Adventures in Shapewear…what could possibly go wrong?

NY Eve

If you’re a woman, you’re probably aware of the vast array of products designed to lift, flatten, smooth or enhance our various body parts. Spanx, tush-enhancers and the like are supposed to give us a more flattering figure or make our clothing fit better. If you’re a dude, the tightest thing you might own is compression shorts for working out. Despite the ads for the men’s tummy version, I’m guessing there’s no way most of you would wear a suffocating garment for the sake of looking a few pounds slimmer. That’s where you are the smarter species and I admire your ability to accept your given form. Apparently, us ladies are far more insecure and vulnerable to such marketing.

But first – some history. Once upon a time, I was required to wear pantyhose and dresses/skirts to work. The only time we could wear slacks or pants of any sort was when the high temperature for the day was less than 40 degrees. Not kidding. Even when the dress code changed, I hung onto a couple of pairs of hose — just in case. The rest were joyfully discarded. Since then, I’ve been reluctant to purchase anything with the words “control-top” or “compression” in them. Sitting in a cubicle with a tourniquet around your waist for years will do that to you.

However, turning 60 and having the opportunity to wear a fancy dress to a New Year’s Gala caused me to reconsider my options. Immediately, I had visions of red carpet gowns and glitter and bling. Yikes! Trying on various dresses revealed my less-than-perfect/ate-a-few-too-many-sweets mushy parts. So, on the recommendation of my daughter, I purchased an item that was supposed to compress my middle and smooth out my hips and thighs. No big deal, right? I can undergo some discomfort to look my best in a borrowed dress.

The night of the big event started out well. I was all sucked in and feeling sleek as we glided into the festive and elegant ballroom. It was hard to miss all the furs being dropped at the Coat Check. We were doing our best to blend in and pretend we belonged there. Gorgeous lights and decorations surrounded the beautifully dressed men and women enjoying appetizers and champagne. Once we made our way to our table, we shared small talk with the three other couples. The soup course arrived: roasted butternut squash with yummy toppings we couldn‘t pronounce. Dee-lish! Then the salad course: butter poached lobster with more exotic ingredients. Fabulous!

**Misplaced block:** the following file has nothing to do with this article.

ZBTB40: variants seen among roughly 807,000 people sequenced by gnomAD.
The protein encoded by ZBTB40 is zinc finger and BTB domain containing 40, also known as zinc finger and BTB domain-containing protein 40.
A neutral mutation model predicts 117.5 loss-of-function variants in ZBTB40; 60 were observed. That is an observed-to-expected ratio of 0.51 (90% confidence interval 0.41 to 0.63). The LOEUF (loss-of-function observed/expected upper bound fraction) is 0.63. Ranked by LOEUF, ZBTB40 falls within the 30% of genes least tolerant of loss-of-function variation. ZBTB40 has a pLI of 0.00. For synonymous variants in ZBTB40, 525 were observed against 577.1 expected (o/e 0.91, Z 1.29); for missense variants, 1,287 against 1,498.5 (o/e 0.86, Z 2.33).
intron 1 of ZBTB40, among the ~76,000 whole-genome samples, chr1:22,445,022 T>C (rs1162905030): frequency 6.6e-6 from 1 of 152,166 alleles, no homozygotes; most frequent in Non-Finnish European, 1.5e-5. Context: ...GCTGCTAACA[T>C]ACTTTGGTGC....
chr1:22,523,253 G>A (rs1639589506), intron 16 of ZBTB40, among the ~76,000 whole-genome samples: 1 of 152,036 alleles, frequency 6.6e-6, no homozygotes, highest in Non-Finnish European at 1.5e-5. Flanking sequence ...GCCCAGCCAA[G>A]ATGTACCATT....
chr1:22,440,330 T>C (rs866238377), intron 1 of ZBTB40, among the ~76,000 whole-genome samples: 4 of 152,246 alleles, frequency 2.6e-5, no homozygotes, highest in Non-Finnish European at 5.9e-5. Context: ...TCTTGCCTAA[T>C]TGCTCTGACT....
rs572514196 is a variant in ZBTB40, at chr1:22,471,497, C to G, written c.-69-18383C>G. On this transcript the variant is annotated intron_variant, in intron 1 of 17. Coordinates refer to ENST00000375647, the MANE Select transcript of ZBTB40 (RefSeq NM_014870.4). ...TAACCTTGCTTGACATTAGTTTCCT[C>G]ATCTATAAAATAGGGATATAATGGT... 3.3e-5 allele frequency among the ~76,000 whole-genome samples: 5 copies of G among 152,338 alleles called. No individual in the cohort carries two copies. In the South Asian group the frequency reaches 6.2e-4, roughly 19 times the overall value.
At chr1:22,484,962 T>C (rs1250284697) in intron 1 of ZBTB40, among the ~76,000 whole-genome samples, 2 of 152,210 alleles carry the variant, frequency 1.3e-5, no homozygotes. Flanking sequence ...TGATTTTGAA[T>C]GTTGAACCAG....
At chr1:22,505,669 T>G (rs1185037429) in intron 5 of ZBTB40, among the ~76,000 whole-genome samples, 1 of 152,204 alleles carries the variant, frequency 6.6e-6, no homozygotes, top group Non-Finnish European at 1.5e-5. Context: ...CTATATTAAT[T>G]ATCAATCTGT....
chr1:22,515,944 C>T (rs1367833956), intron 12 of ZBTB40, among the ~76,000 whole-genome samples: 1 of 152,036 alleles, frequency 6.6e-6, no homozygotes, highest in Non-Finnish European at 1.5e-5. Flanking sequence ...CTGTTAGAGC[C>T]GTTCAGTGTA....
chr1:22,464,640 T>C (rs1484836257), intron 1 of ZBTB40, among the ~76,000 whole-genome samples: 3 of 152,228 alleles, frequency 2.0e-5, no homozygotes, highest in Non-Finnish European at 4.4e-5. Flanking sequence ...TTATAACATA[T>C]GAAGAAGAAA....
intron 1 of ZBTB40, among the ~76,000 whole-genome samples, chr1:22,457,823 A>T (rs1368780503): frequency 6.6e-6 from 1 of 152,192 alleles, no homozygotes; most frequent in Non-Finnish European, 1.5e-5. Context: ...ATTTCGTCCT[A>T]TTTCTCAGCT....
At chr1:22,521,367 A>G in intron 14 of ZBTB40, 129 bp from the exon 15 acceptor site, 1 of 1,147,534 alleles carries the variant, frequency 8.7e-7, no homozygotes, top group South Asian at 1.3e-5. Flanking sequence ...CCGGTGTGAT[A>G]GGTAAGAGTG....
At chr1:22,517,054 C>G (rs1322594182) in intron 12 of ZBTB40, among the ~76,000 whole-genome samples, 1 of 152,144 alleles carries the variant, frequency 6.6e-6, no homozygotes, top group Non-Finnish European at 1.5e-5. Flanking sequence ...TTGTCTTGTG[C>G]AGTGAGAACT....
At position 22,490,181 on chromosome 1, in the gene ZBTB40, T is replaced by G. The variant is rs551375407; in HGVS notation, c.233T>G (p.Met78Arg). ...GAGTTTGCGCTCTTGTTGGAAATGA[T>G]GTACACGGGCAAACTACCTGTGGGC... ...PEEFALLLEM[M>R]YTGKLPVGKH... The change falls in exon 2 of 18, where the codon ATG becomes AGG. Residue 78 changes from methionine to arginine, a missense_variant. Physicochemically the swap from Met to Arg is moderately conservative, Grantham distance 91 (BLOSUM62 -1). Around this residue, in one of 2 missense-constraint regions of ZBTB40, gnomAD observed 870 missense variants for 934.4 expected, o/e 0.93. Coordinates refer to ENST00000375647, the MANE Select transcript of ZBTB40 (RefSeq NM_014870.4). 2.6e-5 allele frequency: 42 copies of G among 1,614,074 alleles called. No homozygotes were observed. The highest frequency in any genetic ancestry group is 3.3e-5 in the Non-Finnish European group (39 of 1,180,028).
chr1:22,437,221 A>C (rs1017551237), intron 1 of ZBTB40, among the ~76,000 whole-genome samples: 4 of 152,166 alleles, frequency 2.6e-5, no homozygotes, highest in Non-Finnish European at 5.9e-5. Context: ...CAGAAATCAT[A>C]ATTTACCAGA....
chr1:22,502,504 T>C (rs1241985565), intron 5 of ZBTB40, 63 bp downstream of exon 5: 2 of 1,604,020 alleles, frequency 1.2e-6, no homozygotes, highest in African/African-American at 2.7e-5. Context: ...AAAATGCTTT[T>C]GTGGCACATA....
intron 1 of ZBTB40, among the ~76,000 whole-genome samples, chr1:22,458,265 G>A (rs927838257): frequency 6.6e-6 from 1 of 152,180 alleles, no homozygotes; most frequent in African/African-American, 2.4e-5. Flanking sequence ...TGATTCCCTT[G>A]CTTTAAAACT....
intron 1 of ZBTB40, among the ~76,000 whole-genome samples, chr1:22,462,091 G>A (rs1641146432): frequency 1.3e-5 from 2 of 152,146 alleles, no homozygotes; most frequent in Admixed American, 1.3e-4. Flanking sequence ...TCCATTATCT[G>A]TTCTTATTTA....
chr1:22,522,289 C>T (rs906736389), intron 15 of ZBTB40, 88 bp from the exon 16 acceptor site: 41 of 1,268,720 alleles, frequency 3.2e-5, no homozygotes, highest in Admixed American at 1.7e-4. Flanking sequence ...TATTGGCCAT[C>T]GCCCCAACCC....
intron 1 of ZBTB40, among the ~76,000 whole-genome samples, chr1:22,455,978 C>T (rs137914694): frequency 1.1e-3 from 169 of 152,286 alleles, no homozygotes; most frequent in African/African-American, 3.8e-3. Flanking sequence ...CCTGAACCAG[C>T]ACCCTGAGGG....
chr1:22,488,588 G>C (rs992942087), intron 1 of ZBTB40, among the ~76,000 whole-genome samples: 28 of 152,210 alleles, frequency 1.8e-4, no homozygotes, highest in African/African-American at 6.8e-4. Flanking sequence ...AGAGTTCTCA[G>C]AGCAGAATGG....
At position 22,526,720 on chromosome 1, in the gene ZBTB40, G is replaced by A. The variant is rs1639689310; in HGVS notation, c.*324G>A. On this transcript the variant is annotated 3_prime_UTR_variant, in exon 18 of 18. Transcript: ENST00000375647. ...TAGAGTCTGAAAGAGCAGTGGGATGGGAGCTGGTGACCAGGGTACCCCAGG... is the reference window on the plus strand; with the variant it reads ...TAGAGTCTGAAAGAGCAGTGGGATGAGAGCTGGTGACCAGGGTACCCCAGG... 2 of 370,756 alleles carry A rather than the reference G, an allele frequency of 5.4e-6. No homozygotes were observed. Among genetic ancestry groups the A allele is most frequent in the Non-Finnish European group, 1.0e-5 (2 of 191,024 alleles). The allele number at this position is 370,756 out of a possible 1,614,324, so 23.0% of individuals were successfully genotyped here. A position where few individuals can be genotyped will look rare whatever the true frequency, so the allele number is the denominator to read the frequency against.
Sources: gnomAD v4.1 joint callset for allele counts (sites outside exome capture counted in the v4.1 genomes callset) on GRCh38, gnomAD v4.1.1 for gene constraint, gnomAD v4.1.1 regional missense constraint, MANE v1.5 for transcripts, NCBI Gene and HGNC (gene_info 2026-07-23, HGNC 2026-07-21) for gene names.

Then the entrée was served and we sliced into our hickory smoked filet mignon with truffle potato puree, roasted fancy veggies and a glaze to die for. As I savored the flavors and textures, I began to notice that my throat was rather irritated. I was sipping more water and clearing my throat more frequently when it hit me. My stupid shapewear had compressed my stomach to the size of a kiwi and there was no room for the rest of the meal! Acid was creeping up my throat and I would soon be done eating, or worse – losing my dinner – if I didn’t make some adjustments. Fast.

My thoughts raced all over. If I take this tight thing off, what do I do with it? I’m carrying a tiny (borrowed) purse that does not have room for a rejected girdle. It’s not the sort of thing you drop off at the Coat Check to stuff in the sleeve of your down parka, especially with an attendant monitoring all those furs and looking for tips. Nope – no way I can hand over a mass of lycra and spandex to anyone. I discreetly conferred with my hubby, unloaded a few items from my purse into his suit jacket pockets and excused myself to the ladies room, throat burning badly.

Let me just tell you…few things have felt better than peeling that muffin-top cincher off my body. Normal digestion was restored. My skin could breathe again. Fluffy parts relaxed and my thighs said hello to one another again. The contraption rolled up nicely into my little purse and I was able to slip back into the gala and enjoy the rest of the dinner and evening…without spandex-induced acid reflux, or having to hand underwear to a stranger. It’s the little things.

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